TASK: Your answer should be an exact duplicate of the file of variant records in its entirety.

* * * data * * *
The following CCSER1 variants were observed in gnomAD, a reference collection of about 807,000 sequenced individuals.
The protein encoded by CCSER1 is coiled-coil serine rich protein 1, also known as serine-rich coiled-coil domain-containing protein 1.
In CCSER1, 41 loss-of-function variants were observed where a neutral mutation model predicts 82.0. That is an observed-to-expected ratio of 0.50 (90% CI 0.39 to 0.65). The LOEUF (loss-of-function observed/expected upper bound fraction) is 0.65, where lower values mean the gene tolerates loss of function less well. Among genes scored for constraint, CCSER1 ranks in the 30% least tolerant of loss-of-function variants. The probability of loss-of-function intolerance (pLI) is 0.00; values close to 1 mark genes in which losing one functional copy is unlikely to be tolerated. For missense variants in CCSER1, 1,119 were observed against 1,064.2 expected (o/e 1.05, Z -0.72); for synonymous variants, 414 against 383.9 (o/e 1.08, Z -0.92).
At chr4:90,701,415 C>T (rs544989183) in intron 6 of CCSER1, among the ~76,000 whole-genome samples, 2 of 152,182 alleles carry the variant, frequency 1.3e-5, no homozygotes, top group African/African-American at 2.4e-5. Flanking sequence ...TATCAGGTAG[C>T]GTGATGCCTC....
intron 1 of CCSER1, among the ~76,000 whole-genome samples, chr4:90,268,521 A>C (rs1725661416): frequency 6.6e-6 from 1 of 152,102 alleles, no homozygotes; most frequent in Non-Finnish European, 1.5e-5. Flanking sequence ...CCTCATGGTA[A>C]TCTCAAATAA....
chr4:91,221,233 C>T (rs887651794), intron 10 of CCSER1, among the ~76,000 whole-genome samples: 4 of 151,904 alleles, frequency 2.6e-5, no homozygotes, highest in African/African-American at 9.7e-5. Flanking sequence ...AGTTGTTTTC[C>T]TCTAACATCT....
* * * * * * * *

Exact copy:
The following CCSER1 variants were observed in gnomAD, a reference collection of about 807,000 sequenced individuals.
The protein encoded by CCSER1 is coiled-coil serine rich protein 1, also known as serine-rich coiled-coil domain-containing protein 1.
In CCSER1, 41 loss-of-function variants were observed where a neutral mutation model predicts 82.0. That is an observed-to-expected ratio of 0.50 (90% CI 0.39 to 0.65). The LOEUF (loss-of-function observed/expected upper bound fraction) is 0.65, where lower values mean the gene tolerates loss of function less well. Among genes scored for constraint, CCSER1 ranks in the 30% least tolerant of loss-of-function variants. The probability of loss-of-function intolerance (pLI) is 0.00; values close to 1 mark genes in which losing one functional copy is unlikely to be tolerated. For missense variants in CCSER1, 1,119 were observed against 1,064.2 expected (o/e 1.05, Z -0.72); for synonymous variants, 414 against 383.9 (o/e 1.08, Z -0.92).
At chr4:90,701,415 C>T (rs544989183) in intron 6 of CCSER1, among the ~76,000 whole-genome samples, 2 of 152,182 alleles carry the variant, frequency 1.3e-5, no homozygotes, top group African/African-American at 2.4e-5. Flanking sequence ...TATCAGGTAG[C>T]GTGATGCCTC....
intron 1 of CCSER1, among the ~76,000 whole-genome samples, chr4:90,268,521 A>C (rs1725661416): frequency 6.6e-6 from 1 of 152,102 alleles, no homozygotes; most frequent in Non-Finnish European, 1.5e-5. Flanking sequence ...CCTCATGGTA[A>C]TCTCAAATAA....
chr4:91,221,233 C>T (rs887651794), intron 10 of CCSER1, among the ~76,000 whole-genome samples: 4 of 151,904 alleles, frequency 2.6e-5, no homozygotes, highest in African/African-American at 9.7e-5. Flanking sequence ...AGTTGTTTTC[C>T]TCTAACATCT....